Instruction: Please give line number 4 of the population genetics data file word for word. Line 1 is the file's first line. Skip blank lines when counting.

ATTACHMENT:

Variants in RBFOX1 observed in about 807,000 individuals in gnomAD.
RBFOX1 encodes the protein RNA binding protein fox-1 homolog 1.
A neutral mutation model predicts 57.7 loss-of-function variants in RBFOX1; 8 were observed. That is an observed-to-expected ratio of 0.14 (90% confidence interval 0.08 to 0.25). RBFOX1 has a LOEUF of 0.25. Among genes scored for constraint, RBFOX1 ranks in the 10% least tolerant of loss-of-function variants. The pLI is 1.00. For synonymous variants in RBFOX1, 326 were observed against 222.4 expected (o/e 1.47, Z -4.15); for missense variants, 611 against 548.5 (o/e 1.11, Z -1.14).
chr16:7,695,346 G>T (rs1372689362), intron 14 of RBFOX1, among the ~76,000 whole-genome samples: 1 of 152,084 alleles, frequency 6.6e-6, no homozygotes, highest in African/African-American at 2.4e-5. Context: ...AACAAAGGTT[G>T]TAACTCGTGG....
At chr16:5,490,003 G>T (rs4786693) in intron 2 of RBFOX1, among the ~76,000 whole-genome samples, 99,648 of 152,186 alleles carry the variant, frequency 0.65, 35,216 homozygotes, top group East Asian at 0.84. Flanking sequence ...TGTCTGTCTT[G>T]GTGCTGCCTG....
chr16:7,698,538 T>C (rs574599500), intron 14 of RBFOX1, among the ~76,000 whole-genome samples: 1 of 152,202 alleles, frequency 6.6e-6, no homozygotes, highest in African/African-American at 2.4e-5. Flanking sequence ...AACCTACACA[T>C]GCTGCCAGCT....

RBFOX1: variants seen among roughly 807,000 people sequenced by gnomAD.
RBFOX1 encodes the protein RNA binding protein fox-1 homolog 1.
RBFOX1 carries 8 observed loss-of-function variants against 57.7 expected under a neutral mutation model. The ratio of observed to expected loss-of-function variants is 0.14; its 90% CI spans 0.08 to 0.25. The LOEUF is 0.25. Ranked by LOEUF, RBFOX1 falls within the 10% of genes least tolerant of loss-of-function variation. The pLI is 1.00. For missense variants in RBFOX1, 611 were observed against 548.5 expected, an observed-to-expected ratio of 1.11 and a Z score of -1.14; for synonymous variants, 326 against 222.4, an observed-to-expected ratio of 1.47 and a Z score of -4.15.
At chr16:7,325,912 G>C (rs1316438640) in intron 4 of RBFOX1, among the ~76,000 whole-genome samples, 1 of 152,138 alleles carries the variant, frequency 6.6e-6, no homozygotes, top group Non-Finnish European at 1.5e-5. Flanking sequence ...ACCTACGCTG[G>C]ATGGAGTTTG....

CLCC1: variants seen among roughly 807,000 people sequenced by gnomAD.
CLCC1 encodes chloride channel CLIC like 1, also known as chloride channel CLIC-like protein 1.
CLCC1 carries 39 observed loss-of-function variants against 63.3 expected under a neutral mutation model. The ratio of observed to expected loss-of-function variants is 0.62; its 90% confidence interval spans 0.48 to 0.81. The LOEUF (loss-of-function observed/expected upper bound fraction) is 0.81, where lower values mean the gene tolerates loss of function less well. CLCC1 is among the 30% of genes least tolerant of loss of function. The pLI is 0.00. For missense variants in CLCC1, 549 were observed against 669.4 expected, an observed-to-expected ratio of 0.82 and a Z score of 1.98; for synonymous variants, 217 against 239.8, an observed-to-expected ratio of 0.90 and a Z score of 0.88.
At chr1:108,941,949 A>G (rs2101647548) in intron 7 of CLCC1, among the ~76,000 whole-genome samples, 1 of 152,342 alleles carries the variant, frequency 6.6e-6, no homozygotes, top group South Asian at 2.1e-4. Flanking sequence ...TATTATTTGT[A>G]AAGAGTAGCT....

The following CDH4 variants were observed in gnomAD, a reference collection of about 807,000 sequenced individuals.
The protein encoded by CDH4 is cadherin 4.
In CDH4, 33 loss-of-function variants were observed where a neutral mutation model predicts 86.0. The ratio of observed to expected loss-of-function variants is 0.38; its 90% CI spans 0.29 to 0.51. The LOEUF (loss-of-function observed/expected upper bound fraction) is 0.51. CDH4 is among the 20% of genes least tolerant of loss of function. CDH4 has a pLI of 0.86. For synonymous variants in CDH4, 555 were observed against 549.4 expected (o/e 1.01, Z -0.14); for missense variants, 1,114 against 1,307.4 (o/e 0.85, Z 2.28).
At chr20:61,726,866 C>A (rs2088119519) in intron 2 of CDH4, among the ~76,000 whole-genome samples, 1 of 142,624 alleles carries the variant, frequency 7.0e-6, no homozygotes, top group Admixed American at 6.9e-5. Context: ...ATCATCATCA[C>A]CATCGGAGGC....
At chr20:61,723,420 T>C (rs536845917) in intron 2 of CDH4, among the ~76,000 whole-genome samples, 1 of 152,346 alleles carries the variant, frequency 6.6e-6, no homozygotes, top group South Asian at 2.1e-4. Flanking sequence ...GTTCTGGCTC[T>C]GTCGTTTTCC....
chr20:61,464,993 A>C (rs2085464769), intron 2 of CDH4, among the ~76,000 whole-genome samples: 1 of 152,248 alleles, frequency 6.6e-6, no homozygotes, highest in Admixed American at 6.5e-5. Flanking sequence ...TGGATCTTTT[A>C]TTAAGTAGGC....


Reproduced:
chr16:7,695,346 G>T (rs1372689362), intron 14 of RBFOX1, among the ~76,000 whole-genome samples: 1 of 152,084 alleles, frequency 6.6e-6, no homozygotes, highest in African/African-American at 2.4e-5. Context: ...AACAAAGGTT[G>T]TAACTCGTGG....